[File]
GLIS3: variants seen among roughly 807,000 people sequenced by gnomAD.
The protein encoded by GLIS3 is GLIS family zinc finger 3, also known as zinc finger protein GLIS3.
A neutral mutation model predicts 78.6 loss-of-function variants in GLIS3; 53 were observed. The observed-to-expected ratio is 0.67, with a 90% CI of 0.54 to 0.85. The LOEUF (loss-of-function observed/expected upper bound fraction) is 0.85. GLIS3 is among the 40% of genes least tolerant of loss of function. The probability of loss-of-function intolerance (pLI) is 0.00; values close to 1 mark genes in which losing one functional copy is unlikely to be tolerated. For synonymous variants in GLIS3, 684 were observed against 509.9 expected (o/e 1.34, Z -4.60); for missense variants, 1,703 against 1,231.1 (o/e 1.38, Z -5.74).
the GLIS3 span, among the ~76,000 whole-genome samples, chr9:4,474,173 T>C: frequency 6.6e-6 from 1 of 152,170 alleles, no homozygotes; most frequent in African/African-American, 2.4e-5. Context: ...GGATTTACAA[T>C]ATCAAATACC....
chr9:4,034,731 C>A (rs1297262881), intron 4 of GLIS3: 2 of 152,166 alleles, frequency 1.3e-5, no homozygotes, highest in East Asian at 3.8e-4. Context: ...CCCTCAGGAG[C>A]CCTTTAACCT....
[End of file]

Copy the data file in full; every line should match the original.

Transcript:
GLIS3: variants seen among roughly 807,000 people sequenced by gnomAD.
The protein encoded by GLIS3 is GLIS family zinc finger 3, also known as zinc finger protein GLIS3.
A neutral mutation model predicts 78.6 loss-of-function variants in GLIS3; 53 were observed. The observed-to-expected ratio is 0.67, with a 90% CI of 0.54 to 0.85. The LOEUF (loss-of-function observed/expected upper bound fraction) is 0.85. GLIS3 is among the 40% of genes least tolerant of loss of function. The probability of loss-of-function intolerance (pLI) is 0.00; values close to 1 mark genes in which losing one functional copy is unlikely to be tolerated. For synonymous variants in GLIS3, 684 were observed against 509.9 expected (o/e 1.34, Z -4.60); for missense variants, 1,703 against 1,231.1 (o/e 1.38, Z -5.74).
the GLIS3 span, among the ~76,000 whole-genome samples, chr9:4,474,173 T>C: frequency 6.6e-6 from 1 of 152,170 alleles, no homozygotes; most frequent in African/African-American, 2.4e-5. Context: ...GGATTTACAA[T>C]ATCAAATACC....
chr9:4,034,731 C>A (rs1297262881), intron 4 of GLIS3: 2 of 152,166 alleles, frequency 1.3e-5, no homozygotes, highest in East Asian at 3.8e-4. Context: ...CCCTCAGGAG[C>A]CCTTTAACCT....